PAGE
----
World's first flying car ready to pre-order
Main page News, Tech, Aviation, Auto

The world's first flying car is available for pre-order but you'll need a pilot's licence if you want to take the hybrid vehicle to the skies.

Aeromobil first unveiled its flying car in 2014 but the vehicle is now ready to order and has been showcased at the Top Marques car show in Monaco.

The revolutionary vehicle can be used as a car or an aircraft but you will need a pilot's licence to get the full benefit of the vehicle.

Uber plans to launch flying taxi service by 2020
Uber plans to launch flying taxi service by 2020

The vehicle has a flight range of around 700km and can travel at speeds of up to 160km/h on the ground and 259km/h in the air.

"AeroMobil cuts travel times compared to traditional airline alternatives, while its powerful engine provides greater range and a more efficient use of energy than most civil helicopters and personal drones," Aeromobil claims on their website.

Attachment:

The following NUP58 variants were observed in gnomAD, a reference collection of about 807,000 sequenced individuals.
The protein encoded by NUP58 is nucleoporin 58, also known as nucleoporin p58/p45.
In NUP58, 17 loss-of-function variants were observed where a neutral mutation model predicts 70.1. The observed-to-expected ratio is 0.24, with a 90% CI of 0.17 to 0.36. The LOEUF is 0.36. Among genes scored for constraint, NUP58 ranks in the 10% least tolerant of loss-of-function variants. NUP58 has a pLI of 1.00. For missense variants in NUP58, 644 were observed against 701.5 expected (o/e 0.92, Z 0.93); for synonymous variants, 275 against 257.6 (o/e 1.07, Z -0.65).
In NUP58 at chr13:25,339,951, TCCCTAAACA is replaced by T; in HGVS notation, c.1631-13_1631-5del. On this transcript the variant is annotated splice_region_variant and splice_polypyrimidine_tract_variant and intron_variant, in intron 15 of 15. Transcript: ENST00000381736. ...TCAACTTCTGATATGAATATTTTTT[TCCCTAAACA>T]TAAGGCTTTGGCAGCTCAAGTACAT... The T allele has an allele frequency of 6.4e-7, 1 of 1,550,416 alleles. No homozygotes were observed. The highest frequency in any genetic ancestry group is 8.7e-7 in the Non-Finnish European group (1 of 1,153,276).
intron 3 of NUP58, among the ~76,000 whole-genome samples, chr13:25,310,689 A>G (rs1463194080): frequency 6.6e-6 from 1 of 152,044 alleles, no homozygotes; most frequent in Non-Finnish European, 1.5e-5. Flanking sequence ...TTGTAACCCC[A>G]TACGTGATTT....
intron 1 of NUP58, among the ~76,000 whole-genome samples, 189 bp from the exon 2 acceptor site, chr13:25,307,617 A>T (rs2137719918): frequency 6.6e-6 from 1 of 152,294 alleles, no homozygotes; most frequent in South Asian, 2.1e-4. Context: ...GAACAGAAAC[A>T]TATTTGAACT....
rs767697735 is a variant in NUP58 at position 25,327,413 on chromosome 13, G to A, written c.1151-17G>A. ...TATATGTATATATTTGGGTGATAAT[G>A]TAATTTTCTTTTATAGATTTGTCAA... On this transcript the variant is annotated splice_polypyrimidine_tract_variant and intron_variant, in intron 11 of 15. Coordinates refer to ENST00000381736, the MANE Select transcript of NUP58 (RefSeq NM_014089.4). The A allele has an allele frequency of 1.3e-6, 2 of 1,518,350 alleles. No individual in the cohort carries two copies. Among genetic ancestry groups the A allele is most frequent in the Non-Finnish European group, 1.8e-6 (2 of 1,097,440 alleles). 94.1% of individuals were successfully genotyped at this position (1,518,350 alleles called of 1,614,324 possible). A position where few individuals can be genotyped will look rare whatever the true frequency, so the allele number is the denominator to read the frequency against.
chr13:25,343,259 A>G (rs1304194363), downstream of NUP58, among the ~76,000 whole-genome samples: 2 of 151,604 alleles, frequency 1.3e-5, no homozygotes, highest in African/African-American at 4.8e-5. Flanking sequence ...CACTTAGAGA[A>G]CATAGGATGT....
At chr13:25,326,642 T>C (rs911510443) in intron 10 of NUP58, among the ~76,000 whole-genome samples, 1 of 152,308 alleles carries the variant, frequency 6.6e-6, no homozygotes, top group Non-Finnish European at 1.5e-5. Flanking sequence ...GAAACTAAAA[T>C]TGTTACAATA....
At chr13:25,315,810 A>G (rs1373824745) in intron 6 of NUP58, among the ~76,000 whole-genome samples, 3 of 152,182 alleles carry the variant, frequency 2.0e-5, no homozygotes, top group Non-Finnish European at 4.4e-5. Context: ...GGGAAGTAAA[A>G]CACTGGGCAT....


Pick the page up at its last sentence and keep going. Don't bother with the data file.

Dubai to launch pilotless flying taxi service later this year
Dubai to launch pilotless flying taxi service later this year

The Aeromobil is powered by an internal combustion boxer engine with a full authority digital engine (or electronics) control (FADEC) unit.

"Additional power and altitude capability have been delivered using the very latest turbocharging techniques and systems," Aeromobil says.

"During flight mode operation, AeroMobil has an available power of 224 kW (300 hp), delivered to the propeller through bespoke transmission.

"On the road, AeroMobil is powered by a hybrid electric system. The generator is the same engine that powers the vehicle in the air; this in turn powers a pair of electric motors located in the front axle."

Aeromobil will produce 500 of the vehicles, which will be sold at at a price between $1.3 and $1.6 million.


Read also:

Хотите узнать больше о гражданстве за инвестиции? Оставьте свой адрес, и мы пришлем вам подробный гайд

Please describe the error
Thank you for registration
Like us on Facebook to help us make even more interesting materials for free.